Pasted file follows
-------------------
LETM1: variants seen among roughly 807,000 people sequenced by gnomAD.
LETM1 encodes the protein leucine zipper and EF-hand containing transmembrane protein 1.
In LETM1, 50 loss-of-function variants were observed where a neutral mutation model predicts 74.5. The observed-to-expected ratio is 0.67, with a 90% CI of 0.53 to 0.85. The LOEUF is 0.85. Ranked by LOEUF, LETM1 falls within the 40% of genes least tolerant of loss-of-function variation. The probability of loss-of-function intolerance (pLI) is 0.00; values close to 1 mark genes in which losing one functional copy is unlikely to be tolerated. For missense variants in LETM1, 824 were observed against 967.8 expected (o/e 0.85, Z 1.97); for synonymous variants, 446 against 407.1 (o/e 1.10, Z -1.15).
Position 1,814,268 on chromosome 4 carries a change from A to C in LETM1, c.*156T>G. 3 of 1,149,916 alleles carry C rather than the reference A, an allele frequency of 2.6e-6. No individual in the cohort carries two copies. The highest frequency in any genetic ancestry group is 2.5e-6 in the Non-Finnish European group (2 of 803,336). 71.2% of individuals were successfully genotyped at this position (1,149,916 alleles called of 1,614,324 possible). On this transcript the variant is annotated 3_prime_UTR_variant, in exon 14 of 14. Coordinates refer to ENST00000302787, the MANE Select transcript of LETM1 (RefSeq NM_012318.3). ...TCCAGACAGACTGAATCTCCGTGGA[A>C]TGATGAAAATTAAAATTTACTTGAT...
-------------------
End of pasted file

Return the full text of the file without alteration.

LETM1: variants seen among roughly 807,000 people sequenced by gnomAD.
LETM1 encodes the protein leucine zipper and EF-hand containing transmembrane protein 1.
In LETM1, 50 loss-of-function variants were observed where a neutral mutation model predicts 74.5. The observed-to-expected ratio is 0.67, with a 90% CI of 0.53 to 0.85. The LOEUF is 0.85. Ranked by LOEUF, LETM1 falls within the 40% of genes least tolerant of loss-of-function variation. The probability of loss-of-function intolerance (pLI) is 0.00; values close to 1 mark genes in which losing one functional copy is unlikely to be tolerated. For missense variants in LETM1, 824 were observed against 967.8 expected (o/e 0.85, Z 1.97); for synonymous variants, 446 against 407.1 (o/e 1.10, Z -1.15).
Position 1,814,268 on chromosome 4 carries a change from A to C in LETM1, c.*156T>G. 3 of 1,149,916 alleles carry C rather than the reference A, an allele frequency of 2.6e-6. No individual in the cohort carries two copies. The highest frequency in any genetic ancestry group is 2.5e-6 in the Non-Finnish European group (2 of 803,336). 71.2% of individuals were successfully genotyped at this position (1,149,916 alleles called of 1,614,324 possible). On this transcript the variant is annotated 3_prime_UTR_variant, in exon 14 of 14. Coordinates refer to ENST00000302787, the MANE Select transcript of LETM1 (RefSeq NM_012318.3). ...TCCAGACAGACTGAATCTCCGTGGA[A>C]TGATGAAAATTAAAATTTACTTGAT...